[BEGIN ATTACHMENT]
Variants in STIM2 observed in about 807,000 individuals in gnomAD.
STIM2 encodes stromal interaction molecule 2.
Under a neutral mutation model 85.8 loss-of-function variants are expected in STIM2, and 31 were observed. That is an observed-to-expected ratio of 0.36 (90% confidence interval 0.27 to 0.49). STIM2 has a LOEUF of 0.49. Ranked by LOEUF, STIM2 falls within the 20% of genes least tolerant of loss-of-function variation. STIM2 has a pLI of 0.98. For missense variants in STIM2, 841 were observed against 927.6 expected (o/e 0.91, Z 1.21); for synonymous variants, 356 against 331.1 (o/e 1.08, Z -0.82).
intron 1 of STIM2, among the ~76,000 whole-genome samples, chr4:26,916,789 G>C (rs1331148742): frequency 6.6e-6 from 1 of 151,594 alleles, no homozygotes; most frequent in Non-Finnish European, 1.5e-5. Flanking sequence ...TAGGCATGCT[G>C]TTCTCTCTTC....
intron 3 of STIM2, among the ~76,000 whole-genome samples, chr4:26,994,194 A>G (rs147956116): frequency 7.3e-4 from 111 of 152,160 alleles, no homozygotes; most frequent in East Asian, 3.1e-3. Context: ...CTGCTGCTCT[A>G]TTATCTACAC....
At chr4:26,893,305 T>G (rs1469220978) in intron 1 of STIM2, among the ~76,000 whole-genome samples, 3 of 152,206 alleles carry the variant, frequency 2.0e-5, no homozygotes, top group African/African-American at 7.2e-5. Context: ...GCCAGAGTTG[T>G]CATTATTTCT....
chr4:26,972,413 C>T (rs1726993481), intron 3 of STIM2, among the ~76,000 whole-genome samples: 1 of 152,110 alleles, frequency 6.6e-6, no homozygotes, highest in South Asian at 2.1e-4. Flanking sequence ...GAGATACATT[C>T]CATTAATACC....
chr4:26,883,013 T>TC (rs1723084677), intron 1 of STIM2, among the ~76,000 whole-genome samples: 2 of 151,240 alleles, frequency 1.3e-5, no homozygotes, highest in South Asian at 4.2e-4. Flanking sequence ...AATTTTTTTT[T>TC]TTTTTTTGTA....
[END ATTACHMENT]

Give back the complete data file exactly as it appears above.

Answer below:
Variants in STIM2 observed in about 807,000 individuals in gnomAD.
STIM2 encodes stromal interaction molecule 2.
Under a neutral mutation model 85.8 loss-of-function variants are expected in STIM2, and 31 were observed. That is an observed-to-expected ratio of 0.36 (90% confidence interval 0.27 to 0.49). STIM2 has a LOEUF of 0.49. Ranked by LOEUF, STIM2 falls within the 20% of genes least tolerant of loss-of-function variation. STIM2 has a pLI of 0.98. For missense variants in STIM2, 841 were observed against 927.6 expected (o/e 0.91, Z 1.21); for synonymous variants, 356 against 331.1 (o/e 1.08, Z -0.82).
intron 1 of STIM2, among the ~76,000 whole-genome samples, chr4:26,916,789 G>C (rs1331148742): frequency 6.6e-6 from 1 of 151,594 alleles, no homozygotes; most frequent in Non-Finnish European, 1.5e-5. Flanking sequence ...TAGGCATGCT[G>C]TTCTCTCTTC....
intron 3 of STIM2, among the ~76,000 whole-genome samples, chr4:26,994,194 A>G (rs147956116): frequency 7.3e-4 from 111 of 152,160 alleles, no homozygotes; most frequent in East Asian, 3.1e-3. Context: ...CTGCTGCTCT[A>G]TTATCTACAC....
At chr4:26,893,305 T>G (rs1469220978) in intron 1 of STIM2, among the ~76,000 whole-genome samples, 3 of 152,206 alleles carry the variant, frequency 2.0e-5, no homozygotes, top group African/African-American at 7.2e-5. Context: ...GCCAGAGTTG[T>G]CATTATTTCT....
chr4:26,972,413 C>T (rs1726993481), intron 3 of STIM2, among the ~76,000 whole-genome samples: 1 of 152,110 alleles, frequency 6.6e-6, no homozygotes, highest in South Asian at 2.1e-4. Flanking sequence ...GAGATACATT[C>T]CATTAATACC....
chr4:26,883,013 T>TC (rs1723084677), intron 1 of STIM2, among the ~76,000 whole-genome samples: 2 of 151,240 alleles, frequency 1.3e-5, no homozygotes, highest in South Asian at 4.2e-4. Flanking sequence ...AATTTTTTTT[T>TC]TTTTTTTGTA....